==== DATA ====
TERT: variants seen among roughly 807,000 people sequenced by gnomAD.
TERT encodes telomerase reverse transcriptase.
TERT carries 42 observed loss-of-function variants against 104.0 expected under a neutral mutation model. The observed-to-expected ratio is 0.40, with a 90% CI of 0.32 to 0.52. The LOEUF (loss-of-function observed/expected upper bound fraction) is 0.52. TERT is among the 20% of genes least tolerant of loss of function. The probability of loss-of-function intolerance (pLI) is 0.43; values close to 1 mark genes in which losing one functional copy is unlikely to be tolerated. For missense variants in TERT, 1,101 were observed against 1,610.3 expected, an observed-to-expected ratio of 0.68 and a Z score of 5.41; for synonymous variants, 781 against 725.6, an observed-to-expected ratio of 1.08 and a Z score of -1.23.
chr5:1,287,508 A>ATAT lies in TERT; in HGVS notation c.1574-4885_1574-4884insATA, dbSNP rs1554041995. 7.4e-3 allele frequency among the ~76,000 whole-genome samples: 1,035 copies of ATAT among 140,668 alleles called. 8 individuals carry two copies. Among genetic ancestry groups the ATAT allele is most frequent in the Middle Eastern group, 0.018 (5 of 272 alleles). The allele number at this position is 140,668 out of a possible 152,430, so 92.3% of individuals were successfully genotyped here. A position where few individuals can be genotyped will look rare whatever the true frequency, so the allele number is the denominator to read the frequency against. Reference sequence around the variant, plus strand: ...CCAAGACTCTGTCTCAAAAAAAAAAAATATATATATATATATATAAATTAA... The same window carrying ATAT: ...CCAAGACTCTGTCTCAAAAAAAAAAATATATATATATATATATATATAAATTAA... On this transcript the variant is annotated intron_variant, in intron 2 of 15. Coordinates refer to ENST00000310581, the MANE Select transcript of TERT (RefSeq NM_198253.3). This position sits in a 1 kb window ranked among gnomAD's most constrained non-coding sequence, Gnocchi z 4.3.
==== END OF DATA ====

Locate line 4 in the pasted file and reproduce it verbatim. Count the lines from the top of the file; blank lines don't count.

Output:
chr5:1,287,508 A>ATAT lies in TERT; in HGVS notation c.1574-4885_1574-4884insATA, dbSNP rs1554041995. 7.4e-3 allele frequency among the ~76,000 whole-genome samples: 1,035 copies of ATAT among 140,668 alleles called. 8 individuals carry two copies. Among genetic ancestry groups the ATAT allele is most frequent in the Middle Eastern group, 0.018 (5 of 272 alleles). The allele number at this position is 140,668 out of a possible 152,430, so 92.3% of individuals were successfully genotyped here. A position where few individuals can be genotyped will look rare whatever the true frequency, so the allele number is the denominator to read the frequency against. Reference sequence around the variant, plus strand: ...CCAAGACTCTGTCTCAAAAAAAAAAAATATATATATATATATATAAATTAA... The same window carrying ATAT: ...CCAAGACTCTGTCTCAAAAAAAAAAATATATATATATATATATATATAAATTAA... On this transcript the variant is annotated intron_variant, in intron 2 of 15. Coordinates refer to ENST00000310581, the MANE Select transcript of TERT (RefSeq NM_198253.3). This position sits in a 1 kb window ranked among gnomAD's most constrained non-coding sequence, Gnocchi z 4.3.